Transformers #11 – Review

Fighting! Explosions! Megatron freaking out! Starscream being a condescending arsehole! Transformers #11 has arrived and things are finally kicking off.

The story picks up not long after the events of issue #10. Sentinel Prime is unimpressed that Barricade is hiding behind the protection of the Ascenticons and Sentinel makes it clear that he wants Barricade in for questioning. NOW. The problem Megatron now faces is that things are heating up too quickly, too many cogs are in motion and the entire endeavour teeters on the brink of collapse. As the Autobots get ready to secure Barricade, Megatron sends his own team to get him and the Ascenticons stand ready to repel any attempt to breach their HQ. In the midst of all this is poor Bumblebee, his loyalties pulled in multiple directions, still trying to do the right thing even as multiple plots swirl around him.

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The issue ends with the moment we’ve all been waiting for. “THIS is the new face of the Ascenticons,” Megatron thunders in a broadcast being sent out all over Cybertron, “annd it is the face of truth.” All Hail Megatron, indeed, as he reveals their new logo. The logo of the Decepticons. (Also, that looks distinctly like Ratbat in those 3rd/4th to last panels. Not seen him in a long, long time. Actually, hang on, is that Grimlock in the back? That seriously looks like him but there’s not enough detail to be sure.)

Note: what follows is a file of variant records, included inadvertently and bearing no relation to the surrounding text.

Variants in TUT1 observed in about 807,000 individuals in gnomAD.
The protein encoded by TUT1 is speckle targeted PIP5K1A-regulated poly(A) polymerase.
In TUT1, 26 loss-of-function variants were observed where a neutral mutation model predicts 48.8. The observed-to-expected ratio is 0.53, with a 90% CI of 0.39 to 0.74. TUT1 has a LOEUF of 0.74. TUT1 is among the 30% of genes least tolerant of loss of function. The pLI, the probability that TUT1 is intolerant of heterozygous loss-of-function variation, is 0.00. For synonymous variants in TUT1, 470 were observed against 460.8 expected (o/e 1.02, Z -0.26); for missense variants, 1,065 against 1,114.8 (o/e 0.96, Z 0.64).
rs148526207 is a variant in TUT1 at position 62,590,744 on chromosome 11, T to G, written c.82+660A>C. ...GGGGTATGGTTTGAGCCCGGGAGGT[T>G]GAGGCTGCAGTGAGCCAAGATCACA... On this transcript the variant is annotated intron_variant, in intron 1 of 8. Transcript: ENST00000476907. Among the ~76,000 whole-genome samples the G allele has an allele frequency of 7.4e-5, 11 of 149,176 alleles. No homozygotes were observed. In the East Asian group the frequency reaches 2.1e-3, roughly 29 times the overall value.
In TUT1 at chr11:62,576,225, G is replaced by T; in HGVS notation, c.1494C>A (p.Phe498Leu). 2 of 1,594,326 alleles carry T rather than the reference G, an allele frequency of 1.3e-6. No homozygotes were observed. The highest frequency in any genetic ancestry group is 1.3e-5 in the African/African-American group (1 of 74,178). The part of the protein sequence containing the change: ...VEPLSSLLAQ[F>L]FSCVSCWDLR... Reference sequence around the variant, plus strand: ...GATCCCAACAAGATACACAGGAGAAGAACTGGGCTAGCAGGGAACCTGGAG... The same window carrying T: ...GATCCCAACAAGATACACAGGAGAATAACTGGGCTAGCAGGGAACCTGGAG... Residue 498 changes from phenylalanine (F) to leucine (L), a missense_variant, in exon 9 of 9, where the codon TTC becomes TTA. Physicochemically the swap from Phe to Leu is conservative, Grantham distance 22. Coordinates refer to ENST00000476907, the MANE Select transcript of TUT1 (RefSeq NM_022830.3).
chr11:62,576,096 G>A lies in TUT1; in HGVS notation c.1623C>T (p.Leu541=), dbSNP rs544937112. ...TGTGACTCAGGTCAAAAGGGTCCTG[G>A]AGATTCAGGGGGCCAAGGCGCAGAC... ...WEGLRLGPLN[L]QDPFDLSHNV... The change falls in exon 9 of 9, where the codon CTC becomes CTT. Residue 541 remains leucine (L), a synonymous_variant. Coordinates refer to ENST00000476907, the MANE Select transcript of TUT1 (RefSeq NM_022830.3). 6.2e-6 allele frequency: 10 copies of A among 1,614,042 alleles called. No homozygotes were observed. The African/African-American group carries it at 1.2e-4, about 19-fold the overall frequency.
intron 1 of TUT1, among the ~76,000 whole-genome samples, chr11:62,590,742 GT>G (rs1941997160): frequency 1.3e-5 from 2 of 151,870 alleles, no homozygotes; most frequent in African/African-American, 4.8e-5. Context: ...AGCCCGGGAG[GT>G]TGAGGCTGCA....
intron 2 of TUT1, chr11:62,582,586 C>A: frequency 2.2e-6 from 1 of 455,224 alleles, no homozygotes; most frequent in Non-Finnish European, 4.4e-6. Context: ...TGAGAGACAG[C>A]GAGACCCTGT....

This is a thoroughly satisfying issue. The various plots and schemes are beginning to come together, Megatron lays out his manifesto and for the first time advocates violence if that’s what needed, and the Autobots are still scrambling to try and keep things together even as the situation slips further and further from their grasp with every moment. There’s plenty of plot details, action and reveals to keep the reader hooked and eager for more.

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It’s an interesting take on this pivotal moment of Transformer history. The previous storyline that had delved into this time (Transformers: Megatron Origin back in 2007) had painted Megatron as a lowly miner, an idealist, an individual fighting against an oppressive system that stated that your position in society was entirely dictated by what you transformed into, dooming many to lives of manual labour. He was a political dissident, who initially tried peaceful change and only after that failed did he turn to the path of violence.

This new Megatron appears far more devious and while he might preach change as necessary, while he might appear to be advocating for all of Transformer kind, it’s becoming clear that he is only interested in himself and those who follow him. He might have had friends once, but now he has only allies, subordinates and employees, all to further his personal vision.

Roll on #12 in a couple of weeks time.

Transformers #11 from IDW Publishing is available digitally and from comic shops.

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